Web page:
Song of the day + Rant on uninspired Asian pop/pompous indie acts
“Hikari No Rock” – Sambomaster:
“Seishun Kyousoukyoku” – Sambomaster:
I always feel a little embarrassed to say that most of my J-rock interest stems from listening to the opening and closing themes of animes. But it’s not my fault that the producers always pick such good music. Unfortunately, however….that’s where the buck stops.
The problem with sub-indie acts is that since the artists’ main concern is to appeal to a niche audience, their music lacks variety. For hardcore fanboys/girls of these artists, that’s just dandy. But you’d better have a pretty darned good reason to own all seventeen of an indie artist’s albums if almost every single track sounds the same.
That’s why I put up both “Hikari No Rock” and “Seishun Kyousoukyoku.” Don’t get me wrong; I think both songs are fantastic. But they sound so similar, to the point where I’m not really interested in their other works because I know what I’m going to expect.
I guess that’s the main draw of many pop acts, especially in Asia where music listeners are not as sophisticated as your typical indiehead, and will purchase anything that features a catchy beat. Most people are afflicted with music-ADD. Hence, that’s why an act like DBSK is so popular in Asia amongst so many demographics. Their repertoire is so large and diverse; it’s impossible to not like at least one of their songs. My mom is in love with “Doushite.” My brother thinks that “Mirotic” is pretty cool. My dad likes DBSK’s ballads and watched 45 minutes of their Five in the Black tour at his own will. You can see why DBSK sells.
The main criticism with pop–especially Asian pop–is that it is oftentimes manufactured, uninspired, cliched, boring, tacky, whatever. The composers at most entertainment companies lack true musicality. Because–let’s admit it: any monkey with a midi keyboard and Garageband can produce a pretty catchy beat. It just depends on whether or not you’ve got enough financial backing to make it a sensation.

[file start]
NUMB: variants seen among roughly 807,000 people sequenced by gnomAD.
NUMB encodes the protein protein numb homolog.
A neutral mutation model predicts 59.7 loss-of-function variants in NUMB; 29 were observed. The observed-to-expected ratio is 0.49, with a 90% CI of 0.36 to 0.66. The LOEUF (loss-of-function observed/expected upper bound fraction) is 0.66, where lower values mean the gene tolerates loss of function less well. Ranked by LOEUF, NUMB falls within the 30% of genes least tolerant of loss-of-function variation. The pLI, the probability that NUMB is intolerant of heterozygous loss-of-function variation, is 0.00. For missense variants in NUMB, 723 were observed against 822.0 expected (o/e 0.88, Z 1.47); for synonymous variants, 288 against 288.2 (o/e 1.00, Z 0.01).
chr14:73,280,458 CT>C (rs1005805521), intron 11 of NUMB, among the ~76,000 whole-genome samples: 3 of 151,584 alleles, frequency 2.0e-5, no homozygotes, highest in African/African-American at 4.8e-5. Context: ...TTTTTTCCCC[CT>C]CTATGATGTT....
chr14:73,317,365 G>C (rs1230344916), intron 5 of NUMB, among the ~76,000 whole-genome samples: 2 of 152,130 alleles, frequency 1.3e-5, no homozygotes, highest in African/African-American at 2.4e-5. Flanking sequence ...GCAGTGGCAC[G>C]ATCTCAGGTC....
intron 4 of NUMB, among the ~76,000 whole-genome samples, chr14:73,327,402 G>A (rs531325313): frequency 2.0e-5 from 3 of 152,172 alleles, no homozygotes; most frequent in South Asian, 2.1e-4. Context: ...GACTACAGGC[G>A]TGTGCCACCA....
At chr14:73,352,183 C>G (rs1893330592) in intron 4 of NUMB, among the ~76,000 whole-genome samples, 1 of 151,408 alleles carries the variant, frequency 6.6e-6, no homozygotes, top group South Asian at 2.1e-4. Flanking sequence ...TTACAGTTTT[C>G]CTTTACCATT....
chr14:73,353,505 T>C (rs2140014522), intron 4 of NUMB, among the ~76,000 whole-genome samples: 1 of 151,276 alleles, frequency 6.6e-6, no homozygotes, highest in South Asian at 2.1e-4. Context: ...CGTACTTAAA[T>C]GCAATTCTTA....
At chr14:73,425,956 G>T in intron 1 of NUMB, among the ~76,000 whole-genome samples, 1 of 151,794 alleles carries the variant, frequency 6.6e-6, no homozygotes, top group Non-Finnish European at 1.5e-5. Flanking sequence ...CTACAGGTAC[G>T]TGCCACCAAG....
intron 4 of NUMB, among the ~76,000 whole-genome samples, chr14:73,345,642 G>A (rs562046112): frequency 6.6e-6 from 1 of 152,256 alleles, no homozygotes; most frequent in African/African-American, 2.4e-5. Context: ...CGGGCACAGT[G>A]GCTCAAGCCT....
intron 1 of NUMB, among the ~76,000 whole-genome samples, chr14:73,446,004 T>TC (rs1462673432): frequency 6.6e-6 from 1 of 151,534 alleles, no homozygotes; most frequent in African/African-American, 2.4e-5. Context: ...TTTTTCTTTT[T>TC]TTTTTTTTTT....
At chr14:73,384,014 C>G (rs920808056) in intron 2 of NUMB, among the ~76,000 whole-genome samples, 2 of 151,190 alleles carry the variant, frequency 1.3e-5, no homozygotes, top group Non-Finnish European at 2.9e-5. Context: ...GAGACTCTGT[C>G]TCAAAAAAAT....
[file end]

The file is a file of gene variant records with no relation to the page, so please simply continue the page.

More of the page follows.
DBSK has been around for long enough to begin experimenting with “deeper,” more “musical” styles, as evidenced both by Yoo Young-jin and the members’ compositions on Mirotic and The Secret Code. Good move. It’s a heckuva lot easier and more practical to begin as a catchy pop act and, after gaining enough popularity and listenership, start to delve into “real” music. Try doing it the other way around, and you’ll just end up with a pissed-off niche audience who will eventually leave you because you’re beginning to “sell out.”
Of course, it’s not like I’m suggesting that indie/rock acts like Sambomaster, Ore Ska Band, and even Ikimono-Gakari or (on a lesser scale) Asian Kung Fu Generation should truly sell out–that is, ruin their genuine image for the sole purpose of enlarging their audience. But diversity in style is a large indicator of good musicality. As much as it is contrary to the cliche, I see a lot of indie acts who have confined themselves much too strictly in their comfort zone, whether it’s due to fear, arrogance, lack of creativity, whatevs. In any case, experimentation equals growth. And isn’t that the true ideal of any artist?